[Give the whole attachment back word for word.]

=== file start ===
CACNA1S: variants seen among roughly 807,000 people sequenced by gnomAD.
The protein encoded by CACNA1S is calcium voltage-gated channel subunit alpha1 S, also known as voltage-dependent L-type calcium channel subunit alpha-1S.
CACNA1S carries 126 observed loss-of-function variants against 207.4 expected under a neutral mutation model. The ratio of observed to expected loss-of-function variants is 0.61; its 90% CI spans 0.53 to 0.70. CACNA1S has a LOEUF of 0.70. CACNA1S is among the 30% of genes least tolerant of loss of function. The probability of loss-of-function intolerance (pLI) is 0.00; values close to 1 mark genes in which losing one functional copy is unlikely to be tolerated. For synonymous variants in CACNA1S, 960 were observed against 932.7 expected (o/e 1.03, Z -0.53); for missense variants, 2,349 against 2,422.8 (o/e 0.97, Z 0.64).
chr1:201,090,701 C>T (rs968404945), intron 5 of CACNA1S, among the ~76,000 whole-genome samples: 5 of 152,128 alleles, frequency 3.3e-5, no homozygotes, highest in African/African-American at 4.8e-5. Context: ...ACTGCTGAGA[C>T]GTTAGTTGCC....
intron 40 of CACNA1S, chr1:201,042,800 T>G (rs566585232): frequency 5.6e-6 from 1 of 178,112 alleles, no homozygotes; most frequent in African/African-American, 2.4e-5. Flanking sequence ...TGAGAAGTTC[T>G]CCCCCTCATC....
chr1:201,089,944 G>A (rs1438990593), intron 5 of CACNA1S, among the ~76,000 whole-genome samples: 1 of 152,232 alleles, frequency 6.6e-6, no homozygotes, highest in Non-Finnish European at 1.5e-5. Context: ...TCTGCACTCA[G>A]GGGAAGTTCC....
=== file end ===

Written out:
CACNA1S: variants seen among roughly 807,000 people sequenced by gnomAD.
The protein encoded by CACNA1S is calcium voltage-gated channel subunit alpha1 S, also known as voltage-dependent L-type calcium channel subunit alpha-1S.
CACNA1S carries 126 observed loss-of-function variants against 207.4 expected under a neutral mutation model. The ratio of observed to expected loss-of-function variants is 0.61; its 90% CI spans 0.53 to 0.70. CACNA1S has a LOEUF of 0.70. CACNA1S is among the 30% of genes least tolerant of loss of function. The probability of loss-of-function intolerance (pLI) is 0.00; values close to 1 mark genes in which losing one functional copy is unlikely to be tolerated. For synonymous variants in CACNA1S, 960 were observed against 932.7 expected (o/e 1.03, Z -0.53); for missense variants, 2,349 against 2,422.8 (o/e 0.97, Z 0.64).
chr1:201,090,701 C>T (rs968404945), intron 5 of CACNA1S, among the ~76,000 whole-genome samples: 5 of 152,128 alleles, frequency 3.3e-5, no homozygotes, highest in African/African-American at 4.8e-5. Context: ...ACTGCTGAGA[C>T]GTTAGTTGCC....
intron 40 of CACNA1S, chr1:201,042,800 T>G (rs566585232): frequency 5.6e-6 from 1 of 178,112 alleles, no homozygotes; most frequent in African/African-American, 2.4e-5. Flanking sequence ...TGAGAAGTTC[T>G]CCCCCTCATC....
chr1:201,089,944 G>A (rs1438990593), intron 5 of CACNA1S, among the ~76,000 whole-genome samples: 1 of 152,232 alleles, frequency 6.6e-6, no homozygotes, highest in Non-Finnish European at 1.5e-5. Context: ...TCTGCACTCA[G>A]GGGAAGTTCC....